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Published on April 8th, 2011 | by Staff 12-13

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Letter to the editor: Addressing the stereotypes that “Warm Brew” depicts

[The article that this refers to can be read here]

Kimberly Nao
Student Outreach Specialist
H-House

As someone who came of age as hip-hop first took off into mainstream culture, I agree with your sentiment that hip-hop’s original spirit and the quality of the music has fallen by the wayside.  However, the degeneration of the genre has to do with more than simply how it sounded.  Originally, hip-hop displayed the African-American oral tradition which values “clever rhyme schemes and word play,” but despite its checkered past, it was often socially conscious.  I would love to see another image of hip hop rather than the tired stereotypical images of thugged out, drugged out rappers who have no sense of hip-hop history.

The history of hip-hop pre-dated A Tribe Called Quest.  Run DMC brought hip-hop to the mainstream with their classic album “Raising Hell.”  Their song “It’s Tricky” celebrates the value of word play with lines like “It’s tricky to rock a rhyme/to rock a rhyme that’s right on time/It’s tricky.”  But in that same song they downplay the use of drugs and the stereotypes of African American males as drug uses with the lines: “We are not thugs; we don’t use drugs but you assume on your own/They offer coke and lots of dope but we just leave it alone.”  The image presented by Run DMC is a far cry from the visual that you presented in “The Samohi” of Mr. “Spliffton” and his colleagues.

When I “hearken back to the golden age” of hip-hop, I think of KRS-One who talked about the value of multicultural education in the song “You Must Learn” when he states: “I believe that if you’re teaching history, straight up facts, no mystery/Teach the student what needs to be taught/’Cause black and white kids both take shots/When one doesn’t know about the other one’s culture/ignorance swoops down like a vulture.”  Back then, KRS-One saw himself as an urban griot, the African storyteller who kept history and culture alive while commenting on our current reality.  These are the true roots of hip-hop.

You might consider celebrating a rapper like K’Naan who teams with KRS-One to define what a “real man” is in his song “Think of All the Things” and informs us about the political and social issues in his native Somalia.  K’Naan also states that he does not use drugs or drink and never will.  YouTube him, and hear him talk about why he has never smoked marijuana, not even while on tour with rasta, Damian Marley.  He says, “I just don’t do anything outside of music that would make me feel better about my life… I keep it pure because I don’t want anything to take away from my natural high.  I just don’t want to risk it.”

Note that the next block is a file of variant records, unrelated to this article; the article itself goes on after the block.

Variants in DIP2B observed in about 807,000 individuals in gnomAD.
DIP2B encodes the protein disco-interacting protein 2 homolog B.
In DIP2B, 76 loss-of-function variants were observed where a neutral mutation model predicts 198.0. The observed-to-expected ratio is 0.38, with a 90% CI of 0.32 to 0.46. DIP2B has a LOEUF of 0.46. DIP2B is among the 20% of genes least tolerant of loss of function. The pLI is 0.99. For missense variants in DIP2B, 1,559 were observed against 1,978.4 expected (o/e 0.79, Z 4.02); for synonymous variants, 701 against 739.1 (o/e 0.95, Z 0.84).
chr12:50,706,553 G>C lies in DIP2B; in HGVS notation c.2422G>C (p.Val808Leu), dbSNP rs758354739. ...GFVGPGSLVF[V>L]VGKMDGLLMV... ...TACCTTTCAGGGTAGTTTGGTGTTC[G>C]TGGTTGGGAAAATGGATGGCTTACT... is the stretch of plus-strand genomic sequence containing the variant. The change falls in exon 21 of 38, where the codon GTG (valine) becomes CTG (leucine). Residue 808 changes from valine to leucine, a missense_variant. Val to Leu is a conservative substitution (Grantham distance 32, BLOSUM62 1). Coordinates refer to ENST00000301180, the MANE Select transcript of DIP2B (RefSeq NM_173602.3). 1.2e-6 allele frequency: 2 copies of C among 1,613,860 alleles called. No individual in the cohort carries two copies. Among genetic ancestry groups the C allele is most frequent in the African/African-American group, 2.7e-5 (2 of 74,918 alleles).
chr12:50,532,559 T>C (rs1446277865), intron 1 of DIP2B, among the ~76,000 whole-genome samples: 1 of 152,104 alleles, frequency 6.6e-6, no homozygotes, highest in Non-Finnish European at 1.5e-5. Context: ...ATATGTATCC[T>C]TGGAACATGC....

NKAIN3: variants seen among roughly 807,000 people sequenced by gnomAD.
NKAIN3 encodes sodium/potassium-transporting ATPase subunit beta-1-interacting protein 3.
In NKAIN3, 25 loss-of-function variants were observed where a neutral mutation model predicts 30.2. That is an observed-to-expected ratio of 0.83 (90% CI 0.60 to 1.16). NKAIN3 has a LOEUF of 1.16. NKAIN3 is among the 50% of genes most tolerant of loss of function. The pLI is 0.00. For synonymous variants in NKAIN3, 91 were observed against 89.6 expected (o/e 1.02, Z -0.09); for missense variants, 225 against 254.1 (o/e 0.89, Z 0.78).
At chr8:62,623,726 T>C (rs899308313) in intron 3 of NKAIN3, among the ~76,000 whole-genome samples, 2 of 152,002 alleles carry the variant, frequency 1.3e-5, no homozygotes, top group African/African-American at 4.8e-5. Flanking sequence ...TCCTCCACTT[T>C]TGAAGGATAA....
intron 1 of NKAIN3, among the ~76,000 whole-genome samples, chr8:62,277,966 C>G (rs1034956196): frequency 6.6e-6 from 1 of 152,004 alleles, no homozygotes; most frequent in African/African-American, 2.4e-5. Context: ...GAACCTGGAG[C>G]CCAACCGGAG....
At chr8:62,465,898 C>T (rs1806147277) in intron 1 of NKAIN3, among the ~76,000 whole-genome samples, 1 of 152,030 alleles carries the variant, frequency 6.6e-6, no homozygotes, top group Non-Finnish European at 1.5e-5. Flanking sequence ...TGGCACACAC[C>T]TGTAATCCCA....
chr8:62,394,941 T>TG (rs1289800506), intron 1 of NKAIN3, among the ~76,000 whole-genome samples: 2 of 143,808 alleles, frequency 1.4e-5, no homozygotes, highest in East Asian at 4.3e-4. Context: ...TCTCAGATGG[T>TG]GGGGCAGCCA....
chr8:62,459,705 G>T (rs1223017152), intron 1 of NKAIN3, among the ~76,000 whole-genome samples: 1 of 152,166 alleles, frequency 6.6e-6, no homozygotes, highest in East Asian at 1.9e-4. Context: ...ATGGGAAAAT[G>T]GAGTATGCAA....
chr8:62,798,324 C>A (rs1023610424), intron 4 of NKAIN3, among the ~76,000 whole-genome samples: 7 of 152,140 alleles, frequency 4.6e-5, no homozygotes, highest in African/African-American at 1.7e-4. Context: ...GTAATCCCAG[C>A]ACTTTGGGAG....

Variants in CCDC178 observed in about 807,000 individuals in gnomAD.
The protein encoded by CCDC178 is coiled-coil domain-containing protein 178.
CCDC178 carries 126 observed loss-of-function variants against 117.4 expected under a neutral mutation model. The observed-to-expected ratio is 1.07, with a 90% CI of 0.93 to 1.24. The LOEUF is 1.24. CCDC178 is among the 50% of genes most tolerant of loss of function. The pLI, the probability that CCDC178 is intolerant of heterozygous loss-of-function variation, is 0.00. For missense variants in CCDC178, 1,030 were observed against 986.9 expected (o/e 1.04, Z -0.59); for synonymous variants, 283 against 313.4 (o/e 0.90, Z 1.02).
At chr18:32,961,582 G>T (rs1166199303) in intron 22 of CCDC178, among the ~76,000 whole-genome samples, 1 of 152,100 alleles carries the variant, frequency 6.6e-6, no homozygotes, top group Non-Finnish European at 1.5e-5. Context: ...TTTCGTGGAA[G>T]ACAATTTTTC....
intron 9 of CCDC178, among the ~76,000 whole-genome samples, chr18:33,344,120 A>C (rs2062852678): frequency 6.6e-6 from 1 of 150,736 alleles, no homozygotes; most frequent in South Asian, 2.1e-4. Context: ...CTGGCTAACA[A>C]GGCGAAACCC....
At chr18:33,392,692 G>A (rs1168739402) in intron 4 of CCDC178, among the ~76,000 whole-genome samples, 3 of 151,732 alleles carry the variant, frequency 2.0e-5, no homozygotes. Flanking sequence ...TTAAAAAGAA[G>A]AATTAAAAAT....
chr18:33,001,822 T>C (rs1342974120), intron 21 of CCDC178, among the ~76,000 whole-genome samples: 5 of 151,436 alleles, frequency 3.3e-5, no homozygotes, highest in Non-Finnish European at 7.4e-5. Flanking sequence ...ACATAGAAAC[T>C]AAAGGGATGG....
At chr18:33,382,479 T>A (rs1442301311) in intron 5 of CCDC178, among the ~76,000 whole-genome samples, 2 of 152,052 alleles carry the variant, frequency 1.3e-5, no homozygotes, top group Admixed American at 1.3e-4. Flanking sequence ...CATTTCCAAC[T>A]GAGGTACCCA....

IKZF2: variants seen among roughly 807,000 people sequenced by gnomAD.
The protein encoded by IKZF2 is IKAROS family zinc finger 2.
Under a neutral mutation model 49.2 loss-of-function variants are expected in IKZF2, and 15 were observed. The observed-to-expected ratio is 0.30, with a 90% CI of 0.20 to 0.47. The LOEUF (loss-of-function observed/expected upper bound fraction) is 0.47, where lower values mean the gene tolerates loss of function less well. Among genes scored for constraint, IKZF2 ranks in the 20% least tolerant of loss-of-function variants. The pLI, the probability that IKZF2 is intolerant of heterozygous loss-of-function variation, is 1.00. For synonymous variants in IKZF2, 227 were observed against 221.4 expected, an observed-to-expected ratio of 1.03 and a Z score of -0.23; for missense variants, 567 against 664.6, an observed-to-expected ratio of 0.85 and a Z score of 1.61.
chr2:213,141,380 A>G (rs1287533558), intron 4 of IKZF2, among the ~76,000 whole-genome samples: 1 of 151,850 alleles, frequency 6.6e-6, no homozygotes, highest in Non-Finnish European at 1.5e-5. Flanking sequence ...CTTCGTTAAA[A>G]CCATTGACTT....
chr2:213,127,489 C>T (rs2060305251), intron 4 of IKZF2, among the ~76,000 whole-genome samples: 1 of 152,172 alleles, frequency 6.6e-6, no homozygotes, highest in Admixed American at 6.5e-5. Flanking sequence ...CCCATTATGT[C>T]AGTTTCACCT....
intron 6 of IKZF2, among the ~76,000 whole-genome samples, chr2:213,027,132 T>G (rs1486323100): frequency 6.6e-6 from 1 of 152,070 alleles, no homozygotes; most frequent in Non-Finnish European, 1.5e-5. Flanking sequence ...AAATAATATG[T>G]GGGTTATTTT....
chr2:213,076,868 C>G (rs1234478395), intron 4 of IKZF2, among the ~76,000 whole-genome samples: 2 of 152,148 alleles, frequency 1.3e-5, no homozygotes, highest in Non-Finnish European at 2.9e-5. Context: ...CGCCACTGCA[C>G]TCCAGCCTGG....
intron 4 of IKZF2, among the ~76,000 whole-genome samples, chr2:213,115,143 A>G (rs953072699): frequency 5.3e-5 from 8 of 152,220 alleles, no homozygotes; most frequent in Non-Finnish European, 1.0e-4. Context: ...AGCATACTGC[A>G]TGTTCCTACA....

It’s not enough to reclaim hip-hop by being able to put a rhyme together. Remember the positive values that it promoted back in the ‘80s and ‘90s as urban communities were plagued with gang violence, crack cocaine, and little hope of a future due to poor education levels in the “hood.” To read more about the history of hip-hop, check out “Hip-Hop America” by Nelson George. Perhaps a look at hip-hop’s true past can guide the youth of today into a brighter future.

eic@thesamohi.com


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One Response to “Letter to the editor: Addressing the stereotypes that “Warm Brew” depicts”

  1. Matthew Rich says:

    Let me preface by saying the following is meant with the utmost respect.

    Unfortunately, The Samohi staff has failed to post the original article online. Consequently, I have no knowledge of the particulars to which this letter is a response. Fortunately, I don’t think this weakens my argument. [We apologize for this, and it has since been remedied - The Samohi]

    To be frank, I do not see how Ms. Nao’s personal reminiscences on the beginnings of hip-hop justify her critique in the relevant sense. Her article amounts to saying that because what she identifies in the art form is not represented by Warm Brew, Warm Brew is not true to the art form. It is a shame to both herself and the newspaper that either would let this kind of backwards, subjectively-justified logic take precedence over the opinion of a writer who, by very nature of the article he was writing, was not making any objective claims.

    Hip-hop has historically represented – if we are going to be foolish enough to pin it down to any specific message – the essence of diversity. Hip-hop artists have continually touted the virtues being yourself. Her lack of appreciation for whatever she sees Warm Brew as representing is itself contrary to this concept of acceptance. She describes Run DMC as “commenting on our current reality” while looking down upon Warm Brew’s commentary of their own. This kind of close-mindedness is certainly not in line with hip-hop’s characteristic celebration of diversity.

    All artists of any medium can be said to do is paint a picture, or convey their sense of the world. It is for this reason that one who truly listens to even 2 Pac’s most violent lyrics cannot justify any dislike; he was not endorsing, but simply describing. In a more recent example, Odd Future’s Tyler the Creator compared himself, in an interview, to a movie director, who plays out stories through his lyrics. Hip-hop that takes this form is not to be judged on the content of its lyrics but on the artfulness and verisimilitude of its depiction. In this realm, Warm Brew certainly succeeds.

    There are plenty of writers on the paper with plenty of opinions to not need to indulge the arbitrary disdain of whoever else at the school has a bone to pick. In the future, please try to be more selective.

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